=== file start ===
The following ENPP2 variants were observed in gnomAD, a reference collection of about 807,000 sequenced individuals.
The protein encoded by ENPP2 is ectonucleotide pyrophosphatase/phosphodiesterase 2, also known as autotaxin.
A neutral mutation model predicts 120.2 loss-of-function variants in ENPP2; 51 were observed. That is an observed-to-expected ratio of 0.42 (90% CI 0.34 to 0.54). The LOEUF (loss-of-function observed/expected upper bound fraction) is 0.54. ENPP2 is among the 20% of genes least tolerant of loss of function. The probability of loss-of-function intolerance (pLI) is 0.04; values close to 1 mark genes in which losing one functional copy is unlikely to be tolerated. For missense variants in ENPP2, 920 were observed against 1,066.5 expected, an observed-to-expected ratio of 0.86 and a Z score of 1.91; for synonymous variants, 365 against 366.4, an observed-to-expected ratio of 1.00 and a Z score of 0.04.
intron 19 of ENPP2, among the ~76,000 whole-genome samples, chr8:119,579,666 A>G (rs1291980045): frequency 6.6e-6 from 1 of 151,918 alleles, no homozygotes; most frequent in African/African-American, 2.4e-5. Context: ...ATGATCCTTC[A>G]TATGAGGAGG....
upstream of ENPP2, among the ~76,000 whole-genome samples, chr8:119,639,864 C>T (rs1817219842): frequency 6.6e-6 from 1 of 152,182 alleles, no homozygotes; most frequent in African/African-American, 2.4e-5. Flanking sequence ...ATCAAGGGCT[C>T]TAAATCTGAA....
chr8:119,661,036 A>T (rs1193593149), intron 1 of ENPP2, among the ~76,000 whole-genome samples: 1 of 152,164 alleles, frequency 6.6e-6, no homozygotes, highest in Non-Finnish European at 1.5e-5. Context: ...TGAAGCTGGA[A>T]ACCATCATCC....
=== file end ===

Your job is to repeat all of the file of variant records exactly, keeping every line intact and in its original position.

The following ENPP2 variants were observed in gnomAD, a reference collection of about 807,000 sequenced individuals.
The protein encoded by ENPP2 is ectonucleotide pyrophosphatase/phosphodiesterase 2, also known as autotaxin.
A neutral mutation model predicts 120.2 loss-of-function variants in ENPP2; 51 were observed. That is an observed-to-expected ratio of 0.42 (90% CI 0.34 to 0.54). The LOEUF (loss-of-function observed/expected upper bound fraction) is 0.54. ENPP2 is among the 20% of genes least tolerant of loss of function. The probability of loss-of-function intolerance (pLI) is 0.04; values close to 1 mark genes in which losing one functional copy is unlikely to be tolerated. For missense variants in ENPP2, 920 were observed against 1,066.5 expected, an observed-to-expected ratio of 0.86 and a Z score of 1.91; for synonymous variants, 365 against 366.4, an observed-to-expected ratio of 1.00 and a Z score of 0.04.
intron 19 of ENPP2, among the ~76,000 whole-genome samples, chr8:119,579,666 A>G (rs1291980045): frequency 6.6e-6 from 1 of 151,918 alleles, no homozygotes; most frequent in African/African-American, 2.4e-5. Context: ...ATGATCCTTC[A>G]TATGAGGAGG....
upstream of ENPP2, among the ~76,000 whole-genome samples, chr8:119,639,864 C>T (rs1817219842): frequency 6.6e-6 from 1 of 152,182 alleles, no homozygotes; most frequent in African/African-American, 2.4e-5. Flanking sequence ...ATCAAGGGCT[C>T]TAAATCTGAA....
chr8:119,661,036 A>T (rs1193593149), intron 1 of ENPP2, among the ~76,000 whole-genome samples: 1 of 152,164 alleles, frequency 6.6e-6, no homozygotes, highest in Non-Finnish European at 1.5e-5. Context: ...TGAAGCTGGA[A>T]ACCATCATCC....